Science and mathematics are longtime academic disciplines of higher education. In a Christian university, however, tradition is not our only reason for retaining and expanding these exacting disciplines. The College of Science and Mathematics at HBU is a living testimony, in the tradition of higher education, to God the Creator and our obligation to him.
The first thing we are taught in the Scriptures is that God has created all that is and—as the Psalmist goes on to elaborate that point—it all belongs to him (Psalm 24:1). Once we confess that the one true God of Scripture is the creator of all there is, we immediately imply our obligation to him. We live in his world; we belong to him as part of his creation; and we are responsible for doing his work.
The work that God expects of us, at least generally speaking, is not a secret. We are clearly told that men and women are made in the image of God, and that to be made in the image of God points directly to our responsibilities to “be fruitful and multiply, subdue the earth, and rule over it” (Genesis 1:26-28). Subduing the earth is not a haughty or presumptuous act that implies pillaging and destroying—rather, it refers precisely to cultivating, caring for, and being stewards over the marvelously complex creation that God saw, at the end of his creative work, to be “very good” (Genesis 1:31).
To be responsible for God’s creation as wise stewards means that we must understand this world in its own terms, as it presents itself. We cannot possibly take care of it if we don’t know what it is or how it works. Science and mathematics help us understand the nature of the world around us, what it is, and how, by paying attention to its nature and rhythms, we can best care for it and help it to flourish. Math and science—as indeed other dimensions of study usually lumped in with math and science, as reflected in the acronym STEM (science, technology, engineering, and mathematics)—belong together. Science is best understood as involving the art of observation and careful description, and mathematics as supplying the language and logical interconnectedness whereby we describe (using numbers and specialized symbols) more accurately what we have observed.
Observing and correctly describing the reality that is God’s creation are the work of science and mathematics. We complete this work faithfully for the purpose of understanding the world and the God who calls us to care for it. Properly done, science and mathematics are helpful ways of learning best how to live in God’s world and to extend his sovereignty over all of it. At their best they are acts of devotion.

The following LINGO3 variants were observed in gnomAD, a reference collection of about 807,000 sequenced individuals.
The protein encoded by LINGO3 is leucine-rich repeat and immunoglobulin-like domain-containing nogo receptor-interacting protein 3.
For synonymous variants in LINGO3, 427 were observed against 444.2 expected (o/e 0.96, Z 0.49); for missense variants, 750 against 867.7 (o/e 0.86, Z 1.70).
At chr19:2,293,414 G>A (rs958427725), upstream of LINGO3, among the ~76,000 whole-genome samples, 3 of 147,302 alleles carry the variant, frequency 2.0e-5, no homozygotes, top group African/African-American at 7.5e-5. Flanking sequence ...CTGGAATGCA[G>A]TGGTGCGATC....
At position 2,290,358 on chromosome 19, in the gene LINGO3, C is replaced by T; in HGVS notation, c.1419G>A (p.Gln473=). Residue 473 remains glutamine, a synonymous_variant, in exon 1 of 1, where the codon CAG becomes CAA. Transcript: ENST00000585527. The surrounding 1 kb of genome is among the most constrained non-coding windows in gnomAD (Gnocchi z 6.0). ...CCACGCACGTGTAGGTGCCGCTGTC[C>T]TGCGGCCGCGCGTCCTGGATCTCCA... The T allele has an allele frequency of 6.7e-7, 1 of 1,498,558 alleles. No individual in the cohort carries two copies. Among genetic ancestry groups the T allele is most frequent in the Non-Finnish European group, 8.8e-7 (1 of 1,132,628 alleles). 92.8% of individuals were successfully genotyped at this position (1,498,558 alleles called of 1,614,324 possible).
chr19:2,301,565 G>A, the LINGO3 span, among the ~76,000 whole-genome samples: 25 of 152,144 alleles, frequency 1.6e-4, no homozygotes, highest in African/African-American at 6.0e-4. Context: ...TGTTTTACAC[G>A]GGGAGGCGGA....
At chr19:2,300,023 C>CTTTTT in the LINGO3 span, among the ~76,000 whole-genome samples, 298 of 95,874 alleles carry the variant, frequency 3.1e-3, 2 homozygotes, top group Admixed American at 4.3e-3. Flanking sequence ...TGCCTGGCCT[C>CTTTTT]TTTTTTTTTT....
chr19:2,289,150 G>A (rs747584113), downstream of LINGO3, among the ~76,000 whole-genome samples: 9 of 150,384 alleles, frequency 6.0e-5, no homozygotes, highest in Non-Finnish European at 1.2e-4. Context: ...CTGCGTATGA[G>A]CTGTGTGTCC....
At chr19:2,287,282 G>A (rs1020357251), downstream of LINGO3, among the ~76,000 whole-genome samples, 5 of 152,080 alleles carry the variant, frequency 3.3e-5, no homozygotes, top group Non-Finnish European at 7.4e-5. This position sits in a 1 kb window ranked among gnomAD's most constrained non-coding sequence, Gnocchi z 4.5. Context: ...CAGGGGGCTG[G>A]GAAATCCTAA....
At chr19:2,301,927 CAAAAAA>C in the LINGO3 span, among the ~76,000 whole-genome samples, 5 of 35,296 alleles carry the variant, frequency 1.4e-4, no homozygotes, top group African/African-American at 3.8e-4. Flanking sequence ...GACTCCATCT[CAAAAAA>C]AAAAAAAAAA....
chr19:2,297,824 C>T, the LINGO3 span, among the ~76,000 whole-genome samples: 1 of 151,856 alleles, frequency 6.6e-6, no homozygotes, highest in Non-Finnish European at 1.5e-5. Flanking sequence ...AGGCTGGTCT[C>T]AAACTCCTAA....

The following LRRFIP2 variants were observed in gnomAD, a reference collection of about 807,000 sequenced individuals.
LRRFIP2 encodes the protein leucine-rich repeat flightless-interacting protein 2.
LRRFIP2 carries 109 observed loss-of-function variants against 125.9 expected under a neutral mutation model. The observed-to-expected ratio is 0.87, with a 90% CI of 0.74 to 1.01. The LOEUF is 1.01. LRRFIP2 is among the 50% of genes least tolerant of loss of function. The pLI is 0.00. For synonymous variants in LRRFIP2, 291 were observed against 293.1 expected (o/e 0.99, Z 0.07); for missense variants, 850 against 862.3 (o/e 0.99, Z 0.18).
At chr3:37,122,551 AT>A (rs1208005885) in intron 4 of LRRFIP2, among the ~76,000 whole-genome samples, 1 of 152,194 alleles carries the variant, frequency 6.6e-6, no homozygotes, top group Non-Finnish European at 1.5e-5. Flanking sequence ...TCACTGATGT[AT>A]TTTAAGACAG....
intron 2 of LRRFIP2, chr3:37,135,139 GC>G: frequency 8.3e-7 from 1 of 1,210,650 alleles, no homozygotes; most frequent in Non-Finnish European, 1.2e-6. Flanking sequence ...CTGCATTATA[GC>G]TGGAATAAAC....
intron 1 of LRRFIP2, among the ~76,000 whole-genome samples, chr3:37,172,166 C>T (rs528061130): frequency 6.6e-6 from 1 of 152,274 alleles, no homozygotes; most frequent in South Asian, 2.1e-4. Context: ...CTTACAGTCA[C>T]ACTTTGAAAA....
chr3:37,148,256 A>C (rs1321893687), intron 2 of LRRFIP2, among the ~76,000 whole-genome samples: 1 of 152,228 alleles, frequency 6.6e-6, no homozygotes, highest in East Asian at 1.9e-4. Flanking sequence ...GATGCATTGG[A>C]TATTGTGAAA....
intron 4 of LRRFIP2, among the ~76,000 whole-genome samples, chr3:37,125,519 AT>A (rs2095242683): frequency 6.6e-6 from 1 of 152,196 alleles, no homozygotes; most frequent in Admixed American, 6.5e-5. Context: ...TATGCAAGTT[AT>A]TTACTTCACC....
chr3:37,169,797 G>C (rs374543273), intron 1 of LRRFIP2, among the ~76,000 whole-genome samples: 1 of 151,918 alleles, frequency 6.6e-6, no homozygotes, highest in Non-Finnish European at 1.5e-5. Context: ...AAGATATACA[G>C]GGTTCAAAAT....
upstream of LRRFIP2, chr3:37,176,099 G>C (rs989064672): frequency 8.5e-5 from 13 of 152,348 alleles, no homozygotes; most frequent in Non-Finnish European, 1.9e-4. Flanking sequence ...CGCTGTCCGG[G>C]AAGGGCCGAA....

There is no need for Christians to fear science, and the scientific method, properly employed, is no threat to the Christian faith. A thoughtful Christian worldview requires us to pursue wisdom and understanding, and wisdom starts with humbly knowing who we are as God’s image-bearing creatures, acknowledging with thanksgiving his Lordship over us, and then caring for the world he has placed under our authority. In so doing, we are in a better position to extend the frontiers of God’s kingship over all the earth.
HBU College of Science and Mathematics
The College of Science and Mathematics (COSM) at Houston Baptist University offers five undergraduate degree programs: biology, chemistry, mathematics, physics, and biochemistry-molecular biology. The average class size is 35 students, and labs are typically between 24 and 30 students. 26% of incoming HBU freshmen major in one of these five degrees. The vast majority of COSM alumni go on to serve as doctors, dentists, college professors, and researchers. Today, the faculty consists of 23 PhDs who represent an array of prestigious institutions. HBU alumni health professionals are very active in private practices and hospitals throughout Houston, Texas, and the United States, including Baylor Medical School, Vanderbilt School of Medicine, Vanderbilt’s Children’s Hospital, UT Galveston Medical School, The Century Cancer Institute-Houston, Personal Pediatrics, and many more.
This college’s tradition of success goes back to the birth of HBU. Houston Baptist College sent a student from its first graduation class (1967) to medical school at University of Texas Medical Branch in Galveston, and three graduates from HBC’s early graduating classes went on to earn PhDs in chemistry.
The goals of the College of Science and Mathematics have always included producing high quality undergraduate students, who, upon graduation, excel in professional and graduate schools as they continue their educational goals. Learn more about HBU’s College of Science and Mathematics and our commitment to excellence in STEM education at HBU.edu.
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Edited by Joannah Buffington